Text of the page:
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If your retirement plan involves winning either of this weekend's multi-million dollar lottery jackpots, sorry — you're far more likely to be killed by a falling asteroid.
The combined Powerball and the Mega Millions jackpots are the largest ever, at more than $1 billion. The Powerball jackpot is currently $570 million, and the Mega Millions stands at $450 million. Both games had their most recent jackpot wins in late October.
The next Mega Millions drawing is scheduled for 11 p.m. ET on Friday, and the next Powerball drawing is Saturday at 10:59 p.m. ET.
Two lottery drawings does technically imply more opportunities to win — but really, you should check your hopes at the convenience store counter.
The odds of winning the Powerball grand prize are 1 in 292.2 million, according to the game's own assessment. The Mega Millions jackpot odds are even more hopeless, at 1 in 302.5 million.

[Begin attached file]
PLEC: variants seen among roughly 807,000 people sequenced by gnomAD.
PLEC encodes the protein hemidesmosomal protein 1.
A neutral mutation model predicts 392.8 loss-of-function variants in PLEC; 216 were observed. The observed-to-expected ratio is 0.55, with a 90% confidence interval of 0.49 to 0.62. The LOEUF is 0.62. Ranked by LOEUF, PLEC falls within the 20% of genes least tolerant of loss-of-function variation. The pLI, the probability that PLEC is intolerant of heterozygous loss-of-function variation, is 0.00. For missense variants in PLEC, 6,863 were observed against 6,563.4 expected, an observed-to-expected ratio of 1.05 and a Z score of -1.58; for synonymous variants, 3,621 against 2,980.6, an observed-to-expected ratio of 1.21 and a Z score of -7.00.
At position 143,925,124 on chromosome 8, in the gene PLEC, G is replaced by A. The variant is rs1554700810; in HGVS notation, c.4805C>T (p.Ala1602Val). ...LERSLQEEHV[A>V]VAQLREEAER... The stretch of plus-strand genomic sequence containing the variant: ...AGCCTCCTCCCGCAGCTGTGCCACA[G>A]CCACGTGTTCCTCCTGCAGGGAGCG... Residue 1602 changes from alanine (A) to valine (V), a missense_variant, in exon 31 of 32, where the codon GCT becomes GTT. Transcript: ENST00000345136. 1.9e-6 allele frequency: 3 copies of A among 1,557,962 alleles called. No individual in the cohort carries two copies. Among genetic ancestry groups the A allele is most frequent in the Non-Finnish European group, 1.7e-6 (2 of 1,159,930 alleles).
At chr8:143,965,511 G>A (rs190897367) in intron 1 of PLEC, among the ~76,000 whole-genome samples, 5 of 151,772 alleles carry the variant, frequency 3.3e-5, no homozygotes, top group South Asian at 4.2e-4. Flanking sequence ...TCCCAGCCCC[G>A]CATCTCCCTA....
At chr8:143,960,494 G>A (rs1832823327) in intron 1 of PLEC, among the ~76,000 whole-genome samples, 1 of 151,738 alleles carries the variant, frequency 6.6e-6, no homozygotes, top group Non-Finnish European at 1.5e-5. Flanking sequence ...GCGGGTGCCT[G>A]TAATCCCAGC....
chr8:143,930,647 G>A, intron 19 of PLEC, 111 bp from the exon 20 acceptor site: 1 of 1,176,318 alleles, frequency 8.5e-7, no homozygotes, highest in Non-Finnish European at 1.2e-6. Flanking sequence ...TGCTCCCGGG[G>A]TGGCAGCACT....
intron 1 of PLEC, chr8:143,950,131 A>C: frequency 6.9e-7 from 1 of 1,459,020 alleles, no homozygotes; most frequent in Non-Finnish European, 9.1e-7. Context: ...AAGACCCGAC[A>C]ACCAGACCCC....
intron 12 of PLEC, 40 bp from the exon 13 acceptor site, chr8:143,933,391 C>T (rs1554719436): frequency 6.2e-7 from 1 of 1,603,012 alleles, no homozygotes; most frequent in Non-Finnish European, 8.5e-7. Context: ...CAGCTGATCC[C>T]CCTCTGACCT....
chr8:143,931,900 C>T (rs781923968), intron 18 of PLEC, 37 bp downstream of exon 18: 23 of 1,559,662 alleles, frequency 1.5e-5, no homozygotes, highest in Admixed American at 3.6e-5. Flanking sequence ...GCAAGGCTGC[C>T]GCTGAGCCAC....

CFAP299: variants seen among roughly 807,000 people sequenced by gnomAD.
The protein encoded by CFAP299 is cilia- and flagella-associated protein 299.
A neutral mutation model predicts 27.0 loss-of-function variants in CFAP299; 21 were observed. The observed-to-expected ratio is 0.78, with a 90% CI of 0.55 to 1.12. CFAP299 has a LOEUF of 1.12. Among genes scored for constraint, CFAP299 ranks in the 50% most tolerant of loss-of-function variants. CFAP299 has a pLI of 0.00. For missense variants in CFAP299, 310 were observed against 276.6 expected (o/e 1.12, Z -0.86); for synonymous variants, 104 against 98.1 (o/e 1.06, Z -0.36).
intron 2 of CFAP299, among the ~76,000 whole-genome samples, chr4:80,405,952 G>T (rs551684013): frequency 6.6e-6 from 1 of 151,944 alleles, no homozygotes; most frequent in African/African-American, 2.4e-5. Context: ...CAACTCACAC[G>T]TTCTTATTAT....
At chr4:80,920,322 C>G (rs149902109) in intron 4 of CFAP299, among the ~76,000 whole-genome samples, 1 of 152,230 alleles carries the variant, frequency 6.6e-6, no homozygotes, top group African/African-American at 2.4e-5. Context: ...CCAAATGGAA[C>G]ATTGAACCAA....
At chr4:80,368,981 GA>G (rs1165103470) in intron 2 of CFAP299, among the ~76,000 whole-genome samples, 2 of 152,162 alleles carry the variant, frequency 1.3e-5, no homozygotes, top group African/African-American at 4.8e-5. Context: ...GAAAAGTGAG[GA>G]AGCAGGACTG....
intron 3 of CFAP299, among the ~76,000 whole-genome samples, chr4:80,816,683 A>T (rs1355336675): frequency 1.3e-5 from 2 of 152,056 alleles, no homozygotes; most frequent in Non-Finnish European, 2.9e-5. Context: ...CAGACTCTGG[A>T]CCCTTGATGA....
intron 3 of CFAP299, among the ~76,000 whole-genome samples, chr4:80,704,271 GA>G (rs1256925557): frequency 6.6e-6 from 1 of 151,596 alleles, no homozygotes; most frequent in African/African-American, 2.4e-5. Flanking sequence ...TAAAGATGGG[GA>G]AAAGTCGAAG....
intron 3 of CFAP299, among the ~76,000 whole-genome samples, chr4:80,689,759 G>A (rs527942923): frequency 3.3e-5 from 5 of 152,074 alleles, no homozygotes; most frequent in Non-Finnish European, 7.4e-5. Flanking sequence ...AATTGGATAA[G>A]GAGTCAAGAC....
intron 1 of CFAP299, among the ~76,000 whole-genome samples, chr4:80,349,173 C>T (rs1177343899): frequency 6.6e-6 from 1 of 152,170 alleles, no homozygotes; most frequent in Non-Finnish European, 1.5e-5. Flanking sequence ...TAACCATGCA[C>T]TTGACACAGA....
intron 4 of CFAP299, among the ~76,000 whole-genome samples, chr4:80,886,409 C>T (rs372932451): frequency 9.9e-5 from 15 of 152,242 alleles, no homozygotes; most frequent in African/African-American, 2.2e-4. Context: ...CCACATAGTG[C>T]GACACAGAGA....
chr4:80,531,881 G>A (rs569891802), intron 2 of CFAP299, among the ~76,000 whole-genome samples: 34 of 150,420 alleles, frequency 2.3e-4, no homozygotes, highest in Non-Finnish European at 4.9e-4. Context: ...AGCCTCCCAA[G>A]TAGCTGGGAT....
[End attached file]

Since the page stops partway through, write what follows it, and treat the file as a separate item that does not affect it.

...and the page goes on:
(In late October, Mega Millions changed its range of numbers players can choose from, which made the odds of winning the big jackpot slimmer. Before that change, its jackpot odds were 1 in 258.9 million.)
A few points of comparison. Your odds of being struck dead by a stray asteroid are just 1 in 1.9 million, according to Jim Murphy at sportsbettingexperts.com. The odds of being killed by a shark are even less likely at 1 in 3.7 million.
Yet both of these improbabilities are exponentially more likely than winning the whole bonanza in either of this weekend's lottery drawings.
And perish the thought of winning both the Mega Millions and the Powerball. An Allstate analysis from mid-2017 (before the Mega Millions top prize odds worsened) put the chance of a double-win at 1 in 75,648,252,765,957,300. (That's 75 quadrillion.)
For those lucky few who do win the lottery, be prepared to sacrifice a hefty chunk of your winnings in tax payments almost immediately.
Lottery site USAMega.com estimates the federal tax withholding on the $281.2 million Mega Millions lump sum would be $70.3 million, and state taxes could knock out up to another $24.8 million (with New York the worst offender). For the Powerball, those tax tallies for the $358.5 million cash prize would be $89.6 million and up to $31.6 million, respectively.
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